Do not assume that our stance has been weakened in any sense. If you really want to know something that a black person cannot or does not want to teach you then you have the responsibility to find out that information from another source and keep searching until you find an answer, and not just think the whole argument is over. Not every single black person can be your educator.
Of course, though this article is concerned with my subjective experience at RHUL, I’m not alone in this reality. Recent creative writing graduate Meron Berhanu touches briefly on the tokenisation many black students often experience at university, and the overwhelming feeling of otherness:
“I walk into uni and I’m suddenly a minority. My new friends tell me they are excited to have a black friend for the first time. I admire their enthusiasm, but I feel like I’m an exhibit at a museum.”
American student Sajadeah Harris comments,
“The grouping of black problems with BAME problems and the Asian and Minority Ethnic part of that acronym is racist against black people as a failure to acknowledge separate struggles different ethnicity groups encounter, and downplays our issues.”
Then there are the more overt, easily-recognisable struggles black students experience, particularly revolving around the N-word. One graduate, who wishes to remain anonymous, says,
“There is no first and last time I had to hear the N-word from non-blacks at Royal Holloway, from white people trying to have a good time at parties listening to music, or my Arab acquaintances trying to blow off steam and express anger. The N-word is passed around like a bad joke or with unironic passion. But of course if you confronted these people they would say ‘none of us are racist, we’re already your friend’. Sometimes it feels like because Royal Holloway is so small, one would think black students can’t afford to make friends with anyone else.”
Yet another account, also from an anonymous source:
“My white ex-boyfriend said the n-word to my face. I had a housemate in first year who couldn’t date or sleep with anyone who wasn’t white.”
The tip of the iceberg
These are only the tip of the iceberg when it comes to racial issues on this campus. When we look at microaggressions we have to understand what they hint at or represent; a careless ignorance, and also the lack of effort or desire to want to address this ignorance, and what this could potentially develop into. All these educated students who make these countless comments, harbour these attitudes and continue to be perpetrators – however covert or apparent they may be – grow up to become teachers and lawyers and doctors and politicians and this ignorance only persists and festers in their workplaces. Sometimes their ignorance grows to become far more insidious racist acts.
Then there are the people who wonder what all of this has to do with ‘what’s happening in America’, and why we’re all suddenly angry now. A part of me wants to peacefully guide them to connect the dots, to see how the jigsaw pieces all fit together – that the small covert racial microaggressions countless black people face here and all over the world, and the more overt over-policing and unfair persecutions and murders of African-Americans by the US police are all products of the same systemically racist institution. Racism is so deeply ingrained in a system that has existed for so long that of course we’re all complicit in it, how could we not be? No race is exempt from racism, but you have to understand why it’s white people who are currently being highlighted the most in this conversation. The system most benefits you, and the only way to counter this privilege is to actively be anti-racist. You can no longer engage in silence or a failure to address such an alarming issue. Worryingly, in all my three years of being at Royal Holloway, I’ve been met with an overwhelming amount of silence. Slowly, things are starting to change but we still have a long way to go.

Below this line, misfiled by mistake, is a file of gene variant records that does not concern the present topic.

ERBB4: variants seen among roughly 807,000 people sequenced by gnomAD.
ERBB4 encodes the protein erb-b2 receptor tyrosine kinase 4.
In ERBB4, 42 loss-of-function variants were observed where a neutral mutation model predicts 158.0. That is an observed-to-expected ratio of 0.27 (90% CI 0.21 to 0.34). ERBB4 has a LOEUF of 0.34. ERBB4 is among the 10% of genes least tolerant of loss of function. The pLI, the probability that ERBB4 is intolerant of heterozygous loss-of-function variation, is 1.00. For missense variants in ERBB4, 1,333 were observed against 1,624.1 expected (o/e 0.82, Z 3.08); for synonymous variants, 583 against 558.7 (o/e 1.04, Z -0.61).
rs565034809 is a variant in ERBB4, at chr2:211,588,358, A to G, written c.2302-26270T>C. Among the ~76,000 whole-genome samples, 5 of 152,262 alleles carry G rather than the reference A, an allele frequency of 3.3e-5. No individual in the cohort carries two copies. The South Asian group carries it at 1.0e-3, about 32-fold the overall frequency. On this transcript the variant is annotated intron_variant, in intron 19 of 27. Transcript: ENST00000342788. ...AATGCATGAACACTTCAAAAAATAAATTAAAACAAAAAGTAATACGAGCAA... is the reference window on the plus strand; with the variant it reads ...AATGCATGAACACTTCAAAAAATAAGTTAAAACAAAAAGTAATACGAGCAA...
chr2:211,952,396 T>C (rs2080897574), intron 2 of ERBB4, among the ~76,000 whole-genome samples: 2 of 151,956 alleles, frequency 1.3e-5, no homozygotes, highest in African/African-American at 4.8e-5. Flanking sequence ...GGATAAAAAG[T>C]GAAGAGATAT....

I write all this from the perspective of one black student, as someone who has deeply enjoyed his time at this university and considers himself relatively privileged to a lot of other black individuals who are far worse-off than I am. Despite what some may think of me, I am not prone to self-victimisation; I do see the world for all its opportunity. Life excites me.
But there’s only so much you can do alone when the system is built against you.
Egham Black Lives Matter protest
There’s an Egham Black Lives Matter protest coming up, whose event link is here. When I march in this protest, I carry all these experiences with me, and I carry every single time I’ve been harassed by a police officer or followed around a shop or had hurtful and offensive comments made by fellow students and educators. I also carry a deep-rooted sadness for every single George Floyd, Breona Taylor, Mark Duggan and Sarah Reed whose subjectuation to this system resulted in their tragic death. I urge everyone who can also participate to bear everything this and countless other articles have touched on, and to march with us.
The University’s stance on BLM
The student union’s BLM statement:
“Racism is a systemic, institutional issue, one that organisations such as Royal Holloway Students’ Union and the University need to take seriously. Whilst these protests are centred in America, the Black Lives Matter movement is not solely an American one. The same systematic racism the movement seeks to fight against is prevalent in our society in the UK also.”
Principal Paul Layzell’s newsletter:
“If we are to tackle racism and discrimination, we must recognise the structural and cultural change that is necessary throughout our society, for acts of extreme violence begin when we tolerate any form of racial prejudice and discrimination.”